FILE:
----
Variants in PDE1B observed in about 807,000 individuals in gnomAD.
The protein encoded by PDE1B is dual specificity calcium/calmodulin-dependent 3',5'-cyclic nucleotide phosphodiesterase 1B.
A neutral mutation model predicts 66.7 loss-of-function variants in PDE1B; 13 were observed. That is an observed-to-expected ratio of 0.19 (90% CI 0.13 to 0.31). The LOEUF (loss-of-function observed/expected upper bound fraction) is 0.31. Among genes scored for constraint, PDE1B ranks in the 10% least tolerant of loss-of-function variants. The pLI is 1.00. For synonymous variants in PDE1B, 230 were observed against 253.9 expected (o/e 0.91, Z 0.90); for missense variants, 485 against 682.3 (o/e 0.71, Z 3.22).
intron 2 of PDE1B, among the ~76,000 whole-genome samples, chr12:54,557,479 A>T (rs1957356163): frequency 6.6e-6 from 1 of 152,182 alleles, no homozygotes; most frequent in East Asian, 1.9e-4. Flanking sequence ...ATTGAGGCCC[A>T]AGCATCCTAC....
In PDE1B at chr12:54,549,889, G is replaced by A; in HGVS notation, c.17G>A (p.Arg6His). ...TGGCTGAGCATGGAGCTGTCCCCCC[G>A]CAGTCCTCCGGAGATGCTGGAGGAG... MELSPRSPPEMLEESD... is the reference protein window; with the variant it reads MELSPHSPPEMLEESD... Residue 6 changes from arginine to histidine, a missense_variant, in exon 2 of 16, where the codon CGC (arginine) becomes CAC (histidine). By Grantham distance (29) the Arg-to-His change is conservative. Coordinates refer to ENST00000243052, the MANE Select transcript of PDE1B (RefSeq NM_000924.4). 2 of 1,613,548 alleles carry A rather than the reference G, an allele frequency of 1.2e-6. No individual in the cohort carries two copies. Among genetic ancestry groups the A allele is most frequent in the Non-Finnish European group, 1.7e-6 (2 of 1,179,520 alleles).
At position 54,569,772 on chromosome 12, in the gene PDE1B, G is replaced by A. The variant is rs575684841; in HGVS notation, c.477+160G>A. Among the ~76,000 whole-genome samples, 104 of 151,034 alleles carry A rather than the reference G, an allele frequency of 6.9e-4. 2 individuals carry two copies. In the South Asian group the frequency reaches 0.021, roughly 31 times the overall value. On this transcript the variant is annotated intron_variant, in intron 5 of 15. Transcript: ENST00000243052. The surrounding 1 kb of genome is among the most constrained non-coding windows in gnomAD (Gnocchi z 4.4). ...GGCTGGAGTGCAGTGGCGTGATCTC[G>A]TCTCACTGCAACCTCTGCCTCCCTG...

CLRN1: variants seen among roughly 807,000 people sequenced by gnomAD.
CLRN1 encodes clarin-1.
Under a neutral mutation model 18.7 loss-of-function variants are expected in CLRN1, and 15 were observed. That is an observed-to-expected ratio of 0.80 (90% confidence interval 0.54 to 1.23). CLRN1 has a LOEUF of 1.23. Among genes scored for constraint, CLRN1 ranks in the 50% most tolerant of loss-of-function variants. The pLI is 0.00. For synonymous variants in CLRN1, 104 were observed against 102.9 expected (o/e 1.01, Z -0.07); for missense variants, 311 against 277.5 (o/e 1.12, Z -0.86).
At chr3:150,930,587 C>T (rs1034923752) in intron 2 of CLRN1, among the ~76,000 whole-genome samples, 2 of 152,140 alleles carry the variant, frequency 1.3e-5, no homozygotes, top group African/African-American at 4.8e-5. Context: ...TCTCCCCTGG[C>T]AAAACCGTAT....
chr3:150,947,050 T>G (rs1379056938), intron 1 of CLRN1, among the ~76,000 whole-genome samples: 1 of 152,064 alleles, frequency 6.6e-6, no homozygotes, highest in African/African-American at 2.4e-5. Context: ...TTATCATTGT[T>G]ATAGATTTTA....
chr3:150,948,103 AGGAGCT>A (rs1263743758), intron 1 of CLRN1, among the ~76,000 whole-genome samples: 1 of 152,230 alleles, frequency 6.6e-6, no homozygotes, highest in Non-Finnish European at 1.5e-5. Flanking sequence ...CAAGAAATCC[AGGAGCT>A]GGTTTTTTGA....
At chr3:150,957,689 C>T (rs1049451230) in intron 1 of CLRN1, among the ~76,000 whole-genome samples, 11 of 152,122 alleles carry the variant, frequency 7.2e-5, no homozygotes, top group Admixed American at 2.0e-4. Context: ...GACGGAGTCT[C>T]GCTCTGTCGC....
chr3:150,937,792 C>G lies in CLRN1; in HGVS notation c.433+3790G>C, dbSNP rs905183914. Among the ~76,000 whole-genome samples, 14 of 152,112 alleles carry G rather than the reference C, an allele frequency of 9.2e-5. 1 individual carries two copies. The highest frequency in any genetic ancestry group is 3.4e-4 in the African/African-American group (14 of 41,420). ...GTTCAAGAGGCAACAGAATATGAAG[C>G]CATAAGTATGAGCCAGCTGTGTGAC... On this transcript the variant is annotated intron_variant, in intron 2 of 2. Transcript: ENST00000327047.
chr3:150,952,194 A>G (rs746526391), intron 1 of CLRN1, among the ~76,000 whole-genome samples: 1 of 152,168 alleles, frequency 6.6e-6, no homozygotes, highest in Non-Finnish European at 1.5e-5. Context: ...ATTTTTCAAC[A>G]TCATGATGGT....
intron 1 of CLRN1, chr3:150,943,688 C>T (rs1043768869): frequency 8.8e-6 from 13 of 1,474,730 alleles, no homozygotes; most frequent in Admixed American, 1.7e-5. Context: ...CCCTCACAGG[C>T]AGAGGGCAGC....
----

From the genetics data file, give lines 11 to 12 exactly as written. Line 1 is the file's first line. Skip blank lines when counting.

chr3:150,947,050 T>G (rs1379056938), intron 1 of CLRN1, among the ~76,000 whole-genome samples: 1 of 152,064 alleles, frequency 6.6e-6, no homozygotes, highest in African/African-American at 2.4e-5. Context: ...TTATCATTGT[T>G]ATAGATTTTA....
chr3:150,948,103 AGGAGCT>A (rs1263743758), intron 1 of CLRN1, among the ~76,000 whole-genome samples: 1 of 152,230 alleles, frequency 6.6e-6, no homozygotes, highest in Non-Finnish European at 1.5e-5. Flanking sequence ...CAAGAAATCC[AGGAGCT>A]GGTTTTTTGA....